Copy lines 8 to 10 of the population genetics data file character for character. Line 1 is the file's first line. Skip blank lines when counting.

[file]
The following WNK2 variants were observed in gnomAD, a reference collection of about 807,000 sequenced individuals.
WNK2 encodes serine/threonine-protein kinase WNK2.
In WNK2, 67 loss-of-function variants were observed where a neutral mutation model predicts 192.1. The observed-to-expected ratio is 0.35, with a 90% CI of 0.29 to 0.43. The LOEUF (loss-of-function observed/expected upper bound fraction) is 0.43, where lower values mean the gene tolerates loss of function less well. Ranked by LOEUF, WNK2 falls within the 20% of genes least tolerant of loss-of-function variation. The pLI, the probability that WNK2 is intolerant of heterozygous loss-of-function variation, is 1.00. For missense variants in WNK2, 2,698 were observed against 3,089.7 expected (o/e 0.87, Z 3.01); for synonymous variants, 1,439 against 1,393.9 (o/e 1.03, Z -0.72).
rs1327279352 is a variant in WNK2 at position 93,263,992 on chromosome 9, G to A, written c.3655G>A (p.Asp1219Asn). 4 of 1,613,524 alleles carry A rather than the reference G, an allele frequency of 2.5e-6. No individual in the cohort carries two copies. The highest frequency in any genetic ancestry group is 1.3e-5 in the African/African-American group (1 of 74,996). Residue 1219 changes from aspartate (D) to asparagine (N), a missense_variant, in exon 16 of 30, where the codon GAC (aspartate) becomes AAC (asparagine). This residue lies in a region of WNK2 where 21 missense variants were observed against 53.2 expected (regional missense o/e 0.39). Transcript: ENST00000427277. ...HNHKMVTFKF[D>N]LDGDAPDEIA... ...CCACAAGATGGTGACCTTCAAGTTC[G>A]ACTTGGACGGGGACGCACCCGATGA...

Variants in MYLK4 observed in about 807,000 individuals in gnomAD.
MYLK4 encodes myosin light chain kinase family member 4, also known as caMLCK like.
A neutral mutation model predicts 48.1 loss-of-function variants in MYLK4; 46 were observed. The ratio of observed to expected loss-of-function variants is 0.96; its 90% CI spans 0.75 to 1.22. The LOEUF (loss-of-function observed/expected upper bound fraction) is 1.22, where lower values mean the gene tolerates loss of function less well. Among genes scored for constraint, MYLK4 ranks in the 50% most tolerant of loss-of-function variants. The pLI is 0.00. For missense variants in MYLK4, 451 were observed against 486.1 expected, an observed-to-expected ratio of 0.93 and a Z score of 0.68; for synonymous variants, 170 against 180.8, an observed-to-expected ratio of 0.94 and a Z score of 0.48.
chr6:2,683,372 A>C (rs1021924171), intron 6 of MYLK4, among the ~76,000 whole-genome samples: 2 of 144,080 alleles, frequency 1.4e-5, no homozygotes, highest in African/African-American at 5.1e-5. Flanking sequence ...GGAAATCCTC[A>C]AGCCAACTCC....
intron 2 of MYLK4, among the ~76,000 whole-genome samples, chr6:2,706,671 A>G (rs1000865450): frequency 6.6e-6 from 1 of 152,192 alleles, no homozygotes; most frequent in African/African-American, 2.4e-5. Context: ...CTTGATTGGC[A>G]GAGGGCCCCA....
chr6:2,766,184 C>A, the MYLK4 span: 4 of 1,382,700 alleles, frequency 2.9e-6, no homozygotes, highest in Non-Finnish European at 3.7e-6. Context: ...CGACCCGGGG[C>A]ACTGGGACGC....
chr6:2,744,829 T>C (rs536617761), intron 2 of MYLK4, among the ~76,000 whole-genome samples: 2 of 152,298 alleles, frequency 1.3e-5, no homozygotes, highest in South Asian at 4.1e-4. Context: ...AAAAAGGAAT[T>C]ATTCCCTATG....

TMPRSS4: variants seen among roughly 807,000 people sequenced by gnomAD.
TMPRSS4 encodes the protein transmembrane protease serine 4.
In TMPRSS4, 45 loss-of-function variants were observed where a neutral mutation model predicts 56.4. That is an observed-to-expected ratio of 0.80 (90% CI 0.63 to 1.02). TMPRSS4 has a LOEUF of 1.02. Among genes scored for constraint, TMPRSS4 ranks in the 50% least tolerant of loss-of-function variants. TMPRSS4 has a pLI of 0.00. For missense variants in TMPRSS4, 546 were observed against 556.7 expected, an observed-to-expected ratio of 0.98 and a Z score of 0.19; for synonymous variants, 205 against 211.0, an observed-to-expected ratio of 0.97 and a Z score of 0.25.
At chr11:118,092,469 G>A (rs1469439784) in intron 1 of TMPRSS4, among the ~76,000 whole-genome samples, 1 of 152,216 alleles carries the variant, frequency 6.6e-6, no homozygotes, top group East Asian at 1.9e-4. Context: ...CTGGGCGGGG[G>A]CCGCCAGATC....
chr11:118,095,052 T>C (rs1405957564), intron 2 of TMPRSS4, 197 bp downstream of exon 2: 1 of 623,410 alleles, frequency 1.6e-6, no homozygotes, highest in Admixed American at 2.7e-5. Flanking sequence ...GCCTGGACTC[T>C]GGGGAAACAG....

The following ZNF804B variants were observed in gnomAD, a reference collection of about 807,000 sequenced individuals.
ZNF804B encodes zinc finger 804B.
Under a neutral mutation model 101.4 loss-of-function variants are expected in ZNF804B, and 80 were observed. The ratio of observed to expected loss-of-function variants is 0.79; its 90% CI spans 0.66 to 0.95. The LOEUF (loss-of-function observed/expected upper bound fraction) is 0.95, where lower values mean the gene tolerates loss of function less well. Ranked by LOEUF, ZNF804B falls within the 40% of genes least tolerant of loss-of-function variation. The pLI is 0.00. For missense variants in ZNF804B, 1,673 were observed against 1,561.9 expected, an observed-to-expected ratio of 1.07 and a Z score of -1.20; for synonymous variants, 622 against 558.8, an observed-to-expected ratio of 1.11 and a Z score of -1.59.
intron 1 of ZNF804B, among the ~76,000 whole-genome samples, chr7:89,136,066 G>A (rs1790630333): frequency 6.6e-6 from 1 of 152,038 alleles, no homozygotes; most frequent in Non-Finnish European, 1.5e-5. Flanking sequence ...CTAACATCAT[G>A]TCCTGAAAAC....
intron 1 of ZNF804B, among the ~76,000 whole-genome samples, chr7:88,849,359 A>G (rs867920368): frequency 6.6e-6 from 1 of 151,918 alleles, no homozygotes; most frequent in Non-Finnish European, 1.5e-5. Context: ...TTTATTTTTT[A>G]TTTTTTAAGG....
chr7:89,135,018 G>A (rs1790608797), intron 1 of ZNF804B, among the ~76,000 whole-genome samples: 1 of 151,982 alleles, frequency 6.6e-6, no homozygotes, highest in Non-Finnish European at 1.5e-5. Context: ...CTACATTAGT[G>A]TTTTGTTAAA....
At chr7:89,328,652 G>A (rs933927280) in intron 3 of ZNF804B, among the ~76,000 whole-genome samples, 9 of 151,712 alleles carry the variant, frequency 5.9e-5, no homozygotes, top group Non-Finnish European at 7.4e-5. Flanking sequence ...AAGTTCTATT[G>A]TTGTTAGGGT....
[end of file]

chr6:2,683,372 A>C (rs1021924171), intron 6 of MYLK4, among the ~76,000 whole-genome samples: 2 of 144,080 alleles, frequency 1.4e-5, no homozygotes, highest in African/African-American at 5.1e-5. Flanking sequence ...GGAAATCCTC[A>C]AGCCAACTCC....
intron 2 of MYLK4, among the ~76,000 whole-genome samples, chr6:2,706,671 A>G (rs1000865450): frequency 6.6e-6 from 1 of 152,192 alleles, no homozygotes; most frequent in African/African-American, 2.4e-5. Context: ...CTTGATTGGC[A>G]GAGGGCCCCA....
chr6:2,766,184 C>A, the MYLK4 span: 4 of 1,382,700 alleles, frequency 2.9e-6, no homozygotes, highest in Non-Finnish European at 3.7e-6. Context: ...CGACCCGGGG[C>A]ACTGGGACGC....